Data for: Temporal, Spatial and Geochemical Evolution of Late Cenozoic Post-Subduction Magmatism in Central and Eastern Anatolia, Turkey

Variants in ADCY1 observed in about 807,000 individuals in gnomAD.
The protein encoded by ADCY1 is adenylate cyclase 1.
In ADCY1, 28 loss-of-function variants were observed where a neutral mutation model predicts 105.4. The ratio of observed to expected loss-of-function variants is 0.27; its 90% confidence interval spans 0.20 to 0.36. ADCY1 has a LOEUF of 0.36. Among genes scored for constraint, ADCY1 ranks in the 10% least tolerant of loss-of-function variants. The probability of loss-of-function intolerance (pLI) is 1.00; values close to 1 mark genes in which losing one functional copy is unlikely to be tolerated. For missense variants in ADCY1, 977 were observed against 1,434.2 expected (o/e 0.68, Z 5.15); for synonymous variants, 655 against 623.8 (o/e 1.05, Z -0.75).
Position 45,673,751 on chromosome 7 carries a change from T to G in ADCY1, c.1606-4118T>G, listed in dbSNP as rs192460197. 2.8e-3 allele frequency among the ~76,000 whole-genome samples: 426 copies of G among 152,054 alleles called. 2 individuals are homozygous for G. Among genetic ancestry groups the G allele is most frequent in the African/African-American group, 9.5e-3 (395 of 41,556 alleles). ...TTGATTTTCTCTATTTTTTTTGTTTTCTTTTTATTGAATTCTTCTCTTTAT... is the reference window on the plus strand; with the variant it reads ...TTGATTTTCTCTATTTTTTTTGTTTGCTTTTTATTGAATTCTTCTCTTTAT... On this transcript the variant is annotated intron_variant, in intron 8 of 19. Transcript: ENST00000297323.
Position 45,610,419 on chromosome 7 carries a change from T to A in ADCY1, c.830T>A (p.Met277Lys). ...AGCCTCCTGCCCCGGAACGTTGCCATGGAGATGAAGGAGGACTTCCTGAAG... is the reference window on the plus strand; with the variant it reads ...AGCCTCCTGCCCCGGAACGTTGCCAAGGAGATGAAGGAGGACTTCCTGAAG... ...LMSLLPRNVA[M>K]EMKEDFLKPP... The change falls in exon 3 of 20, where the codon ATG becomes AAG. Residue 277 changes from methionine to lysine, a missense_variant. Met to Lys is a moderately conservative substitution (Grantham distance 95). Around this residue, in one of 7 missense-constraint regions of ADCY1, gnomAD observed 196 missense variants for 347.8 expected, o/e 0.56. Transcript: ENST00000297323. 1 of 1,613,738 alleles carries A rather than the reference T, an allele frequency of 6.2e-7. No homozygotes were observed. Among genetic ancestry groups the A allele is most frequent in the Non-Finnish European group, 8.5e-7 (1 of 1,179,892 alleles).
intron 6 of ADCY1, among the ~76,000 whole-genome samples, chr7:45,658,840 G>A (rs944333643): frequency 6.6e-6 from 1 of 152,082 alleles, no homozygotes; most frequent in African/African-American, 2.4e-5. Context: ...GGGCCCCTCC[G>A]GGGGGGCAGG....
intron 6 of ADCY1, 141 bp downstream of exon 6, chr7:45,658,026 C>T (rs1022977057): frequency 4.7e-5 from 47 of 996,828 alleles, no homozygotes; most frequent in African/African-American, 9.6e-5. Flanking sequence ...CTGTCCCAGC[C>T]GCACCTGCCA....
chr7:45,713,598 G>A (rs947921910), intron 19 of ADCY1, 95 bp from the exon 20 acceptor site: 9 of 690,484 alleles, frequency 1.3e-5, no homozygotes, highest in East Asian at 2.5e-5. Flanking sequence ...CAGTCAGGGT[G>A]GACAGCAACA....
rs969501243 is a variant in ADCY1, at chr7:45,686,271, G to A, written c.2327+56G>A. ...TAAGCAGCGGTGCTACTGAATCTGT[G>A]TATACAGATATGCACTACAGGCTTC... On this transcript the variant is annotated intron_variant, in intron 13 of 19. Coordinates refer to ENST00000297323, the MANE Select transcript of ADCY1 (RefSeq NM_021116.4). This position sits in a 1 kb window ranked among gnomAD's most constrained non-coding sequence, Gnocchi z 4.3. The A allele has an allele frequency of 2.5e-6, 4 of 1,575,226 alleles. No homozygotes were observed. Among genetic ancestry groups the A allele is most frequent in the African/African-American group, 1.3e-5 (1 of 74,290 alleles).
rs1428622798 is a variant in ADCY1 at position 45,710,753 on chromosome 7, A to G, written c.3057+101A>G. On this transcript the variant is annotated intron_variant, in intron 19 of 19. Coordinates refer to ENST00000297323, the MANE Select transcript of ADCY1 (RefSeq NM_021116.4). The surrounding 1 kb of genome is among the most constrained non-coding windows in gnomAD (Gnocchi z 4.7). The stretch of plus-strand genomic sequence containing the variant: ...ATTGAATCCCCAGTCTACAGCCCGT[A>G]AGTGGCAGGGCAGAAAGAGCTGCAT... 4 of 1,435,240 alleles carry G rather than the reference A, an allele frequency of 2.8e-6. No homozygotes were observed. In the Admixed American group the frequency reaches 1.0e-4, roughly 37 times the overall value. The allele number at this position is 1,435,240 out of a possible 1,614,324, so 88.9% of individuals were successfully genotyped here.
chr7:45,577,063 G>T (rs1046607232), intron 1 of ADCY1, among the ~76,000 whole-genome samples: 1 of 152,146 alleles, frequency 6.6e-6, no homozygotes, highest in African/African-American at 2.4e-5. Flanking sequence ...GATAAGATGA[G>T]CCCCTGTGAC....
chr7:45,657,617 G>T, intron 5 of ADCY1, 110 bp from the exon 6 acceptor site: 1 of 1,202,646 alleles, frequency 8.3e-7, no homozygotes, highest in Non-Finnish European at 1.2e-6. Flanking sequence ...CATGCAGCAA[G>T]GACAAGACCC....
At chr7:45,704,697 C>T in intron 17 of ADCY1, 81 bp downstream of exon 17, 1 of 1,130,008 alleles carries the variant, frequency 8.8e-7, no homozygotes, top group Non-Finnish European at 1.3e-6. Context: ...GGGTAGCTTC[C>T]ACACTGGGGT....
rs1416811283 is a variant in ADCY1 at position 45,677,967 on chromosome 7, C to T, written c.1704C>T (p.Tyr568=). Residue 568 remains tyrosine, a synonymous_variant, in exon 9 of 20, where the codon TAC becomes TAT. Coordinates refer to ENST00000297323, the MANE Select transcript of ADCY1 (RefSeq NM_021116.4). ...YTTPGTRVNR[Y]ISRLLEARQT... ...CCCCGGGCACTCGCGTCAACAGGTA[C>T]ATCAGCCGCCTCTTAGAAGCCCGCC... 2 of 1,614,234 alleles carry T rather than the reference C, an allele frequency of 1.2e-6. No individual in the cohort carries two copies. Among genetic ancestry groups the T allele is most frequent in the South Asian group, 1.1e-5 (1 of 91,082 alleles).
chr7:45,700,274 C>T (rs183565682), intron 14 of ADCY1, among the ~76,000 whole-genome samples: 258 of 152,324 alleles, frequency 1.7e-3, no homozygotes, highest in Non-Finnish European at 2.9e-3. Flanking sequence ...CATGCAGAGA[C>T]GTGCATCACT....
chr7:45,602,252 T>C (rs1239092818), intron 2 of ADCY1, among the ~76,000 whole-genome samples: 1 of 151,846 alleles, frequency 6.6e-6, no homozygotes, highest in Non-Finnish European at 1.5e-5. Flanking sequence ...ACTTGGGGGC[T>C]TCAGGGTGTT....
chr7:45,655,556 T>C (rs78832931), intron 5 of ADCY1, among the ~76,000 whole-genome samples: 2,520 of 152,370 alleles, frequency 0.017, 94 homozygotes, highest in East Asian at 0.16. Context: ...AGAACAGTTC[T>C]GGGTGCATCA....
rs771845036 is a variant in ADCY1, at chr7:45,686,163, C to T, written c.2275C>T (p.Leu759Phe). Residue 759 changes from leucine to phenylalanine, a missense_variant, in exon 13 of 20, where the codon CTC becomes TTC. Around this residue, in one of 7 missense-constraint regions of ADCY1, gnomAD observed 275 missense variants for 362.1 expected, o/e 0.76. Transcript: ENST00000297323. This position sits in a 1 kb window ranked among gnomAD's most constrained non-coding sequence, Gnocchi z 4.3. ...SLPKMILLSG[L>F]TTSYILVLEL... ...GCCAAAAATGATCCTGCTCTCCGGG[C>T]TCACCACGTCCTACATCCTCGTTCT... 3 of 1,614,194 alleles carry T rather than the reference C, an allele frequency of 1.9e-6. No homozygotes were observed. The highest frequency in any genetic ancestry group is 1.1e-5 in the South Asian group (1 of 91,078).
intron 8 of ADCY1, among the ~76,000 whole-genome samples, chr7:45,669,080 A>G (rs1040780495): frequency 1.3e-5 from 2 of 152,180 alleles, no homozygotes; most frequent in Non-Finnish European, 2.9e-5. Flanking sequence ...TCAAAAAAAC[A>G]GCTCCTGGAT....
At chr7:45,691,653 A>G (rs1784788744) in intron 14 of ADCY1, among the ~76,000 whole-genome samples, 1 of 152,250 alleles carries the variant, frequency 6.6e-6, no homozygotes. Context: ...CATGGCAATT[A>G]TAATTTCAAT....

This study primarily relies on the compilation, integration and interpretation of published age and geochemical data from late Cenozoic igneous rocks in central and eastern Anatolia, Turkey. Most dates were obtained by K-Ar and 40Ar/39Ar dating techniques on igneous biotite, hornblende, feldspar, groundmass, and whole-rock material from volcanic rock samples. Those dates can be interpreted as crystallization ages, but are susceptible to alteration and partial to whole resetting, which may conspire to yield dates that may be too young. The previously-published lithogeochemical and Sr-Nd-Pb isotopic analyses from 28 late Cenozoic igneous units were carefully filtered to generate a working database. All of the analyses from altered or weathered samples, yielding a total volatile content (LOI) greater than 5 wt % and acquired from enclaves, cumulates or xenoliths were eliminated. Outlying compositions were discarded in order to increase the internal coherence of the database. Despite this screening procedure, the resultant database suffers from a lack of homogeneity, data control and analytical differences as analyses were obtained through different analytical packages including variable set of elements, instrument (XRF, ICP-MS, INAA, etc.) and dissolution methods (total fusion, aqua regia, etc.) from various laboratories (Bureau Veritas, ActLabs, ALS, universities, etc.). The report of Fe oxidation state in the literature suffers from some approximation despite a careful data compilation (e.g., Fe2O3, FeO, FeOt and Fe2O3t). Approximations also lie in sample age and location as this information is not always provided in the literature. Published Sr-Nd-Pb radiogenic isotope data were compiled from literature. We corrected the 87Sr/86Sr, 143Nd/144Nd, 206Pb/204Pb, 207Pb/204Pb, and 208Pb/204Pb ratios to age to get initial isotopic ratios for those situations where the element concentration of Sr, Rb, Nd, Sm, Th, U and Pb was available. Most of the published Pb analyses were bracketed by the SRM981 standard. As reference values vary among publications, all the published Pb data were normalized to Galer and Abouchami (1998).